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Place Descriptions

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> The Hebronite Spirit of Enterprise
> Nablus Revitalised
> Sebastia
> Dayr Tarif
> Ramallah: Palestine’s Bustling Metropolis
> Stroll along Ramallah’s Main Street
> Nightlife in Ramallah
> The Bethlehemian Smile
> Nablus: The Uncrowned Queen
> From the Ottomans to Modem Times
> Ancient Bethlehem
> Beit Sahour
> The Site of the Town of Bethlehem at Its Earliest...
> The History of Nablus
> Nablous
> The Samaritan Creed
> The Samaritan Diaspora and the number of Samaritans
> The Minerals and Climate in Samaria
> The Nature of Samaria
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submitted by Turathuna Bethlehem University

Father E. Hoacie recounts that in 1834 the family of a deserter from Ibrahim Pasha's army moved here, together with three Christian families from Taiyibeh. Victor Guerin does not mention the village in his work published in 1870, which is the authoritative text for the time. However, an urban centre must have existed, if not in 1870 at least in 1874, because this is the date inscribed above the door of the Greek Orthodox Church.

What might be called a romantic theory of the foundation of Zababdeh has also been put forward. In some part of the region, a tribal feud had become so virulent as to threaten the extinction of one of the Arab tribes involved. Out of kindness, or in order to get his land tilled, a pasha allowed one of these tribes to move to one of his abandoned properties. Thus the village has its origin in blood-shed.

The origin of the name is equally obscure. It might represent the name of an older village, which survived even after the village had become a ruin; it might be new; it might be connected with the Biblical name Zebed, Zebedee. Still today the name exists in various versions: Zababdeh, which is the commonest, Zababideh, Zababdee, Zabidia and others similar. In actual fact it is not even possible to determine if the village gave the name to the plain which surrounds it, or vice versa.

Some interning remains are to be seen within the monastic walls of the Sisters of the Rosary, where two fragments of mosaic floors survive. One made up of large tesserae and of simple design, is partly covered by a stairway. The other is in the main building, which holds the school, near the entrance door and especially in the room facing east. The geometric designs are made up of multi-coloured tesserae (white, red, green, yellow and black), and represent circles, diamonds, cords entwined, etc. The complexity of the motifs points to the sixth century.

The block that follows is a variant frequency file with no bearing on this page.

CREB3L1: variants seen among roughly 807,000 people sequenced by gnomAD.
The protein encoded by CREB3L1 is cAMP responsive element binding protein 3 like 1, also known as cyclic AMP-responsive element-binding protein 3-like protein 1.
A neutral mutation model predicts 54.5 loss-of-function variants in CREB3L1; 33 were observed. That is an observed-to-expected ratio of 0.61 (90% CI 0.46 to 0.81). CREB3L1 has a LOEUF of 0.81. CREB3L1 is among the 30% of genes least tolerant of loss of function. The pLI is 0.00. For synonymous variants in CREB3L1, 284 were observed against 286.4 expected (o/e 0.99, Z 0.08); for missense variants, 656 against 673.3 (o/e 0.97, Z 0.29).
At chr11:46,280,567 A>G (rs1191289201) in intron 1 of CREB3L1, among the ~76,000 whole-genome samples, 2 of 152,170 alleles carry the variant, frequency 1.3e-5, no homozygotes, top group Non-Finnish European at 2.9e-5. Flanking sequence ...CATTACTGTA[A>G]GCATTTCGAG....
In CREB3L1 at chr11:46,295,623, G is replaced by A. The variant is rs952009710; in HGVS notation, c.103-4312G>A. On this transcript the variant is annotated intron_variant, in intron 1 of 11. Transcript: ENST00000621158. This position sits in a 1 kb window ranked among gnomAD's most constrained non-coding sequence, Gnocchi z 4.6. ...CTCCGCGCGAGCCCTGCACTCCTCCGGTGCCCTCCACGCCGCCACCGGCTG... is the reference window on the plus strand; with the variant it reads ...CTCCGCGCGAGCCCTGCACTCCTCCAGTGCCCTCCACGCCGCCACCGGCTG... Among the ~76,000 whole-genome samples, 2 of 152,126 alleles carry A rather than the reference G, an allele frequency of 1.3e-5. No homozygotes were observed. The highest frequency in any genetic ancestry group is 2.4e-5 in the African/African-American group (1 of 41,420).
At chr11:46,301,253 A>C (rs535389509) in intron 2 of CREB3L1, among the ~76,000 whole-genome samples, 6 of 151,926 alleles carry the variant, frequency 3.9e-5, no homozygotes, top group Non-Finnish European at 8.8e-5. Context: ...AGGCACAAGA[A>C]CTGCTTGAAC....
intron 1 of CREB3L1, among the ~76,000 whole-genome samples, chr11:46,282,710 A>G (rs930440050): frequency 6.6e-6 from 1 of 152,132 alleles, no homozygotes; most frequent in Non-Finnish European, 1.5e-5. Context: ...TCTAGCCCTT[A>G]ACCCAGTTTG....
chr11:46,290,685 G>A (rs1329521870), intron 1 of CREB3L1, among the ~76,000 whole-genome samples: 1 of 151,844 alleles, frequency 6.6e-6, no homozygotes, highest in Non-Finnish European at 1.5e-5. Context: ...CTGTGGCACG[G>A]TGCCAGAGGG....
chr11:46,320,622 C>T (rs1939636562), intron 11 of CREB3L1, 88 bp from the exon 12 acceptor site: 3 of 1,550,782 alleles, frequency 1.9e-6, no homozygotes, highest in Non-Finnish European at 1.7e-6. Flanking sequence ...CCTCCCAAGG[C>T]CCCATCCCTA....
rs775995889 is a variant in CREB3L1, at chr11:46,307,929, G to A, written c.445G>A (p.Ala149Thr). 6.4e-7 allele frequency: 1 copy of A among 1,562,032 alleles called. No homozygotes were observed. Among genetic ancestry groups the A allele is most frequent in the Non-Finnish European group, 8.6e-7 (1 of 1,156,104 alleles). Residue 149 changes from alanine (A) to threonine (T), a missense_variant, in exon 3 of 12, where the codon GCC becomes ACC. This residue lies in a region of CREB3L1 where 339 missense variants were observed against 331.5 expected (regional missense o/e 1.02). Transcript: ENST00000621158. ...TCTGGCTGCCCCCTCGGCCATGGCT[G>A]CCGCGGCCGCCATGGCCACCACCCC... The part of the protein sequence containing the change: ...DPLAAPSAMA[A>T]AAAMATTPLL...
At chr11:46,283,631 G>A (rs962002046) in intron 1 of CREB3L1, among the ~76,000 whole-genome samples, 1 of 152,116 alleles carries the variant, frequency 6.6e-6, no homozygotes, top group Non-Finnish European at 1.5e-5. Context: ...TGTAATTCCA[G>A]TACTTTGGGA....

In the house of the Sisters of the Rosary there are also pieces of columns and capitals preserved in situ. Some capitals are in classical style, with volutes and acanthus leaves; one deviates from the conventional scheme: it has fat, symmetrical leaves, more or less like the ones in the mosaic motifs, and is considered one of the most original pieces of the period.

From the remains the archaeologists have concluded that here there existed a Byzantine church with three naves, of a certain elegance. It was most probably a village church rather than that of a religious community.

In what is now the urban centre other remains have been found, including those of an oil-press, one of the many from the Roman and Byzantine periods. To the West are to be found the remains of an imposing building, which, judging by the structure and the round arch, goes back to Roman times. There survives the arch, half buried, and a fair stretch of wall with regular rows of very large square stones, on which a modern house has been built. The local people call these ruins 'Baubariya,' the vaulted building.

Zababdeh is an exception to the rule in the sur¬rounding countryside. Whereas in all the other villages of Samaria the Moslems are a majority, the population of Zababdeh is mainly Christian.

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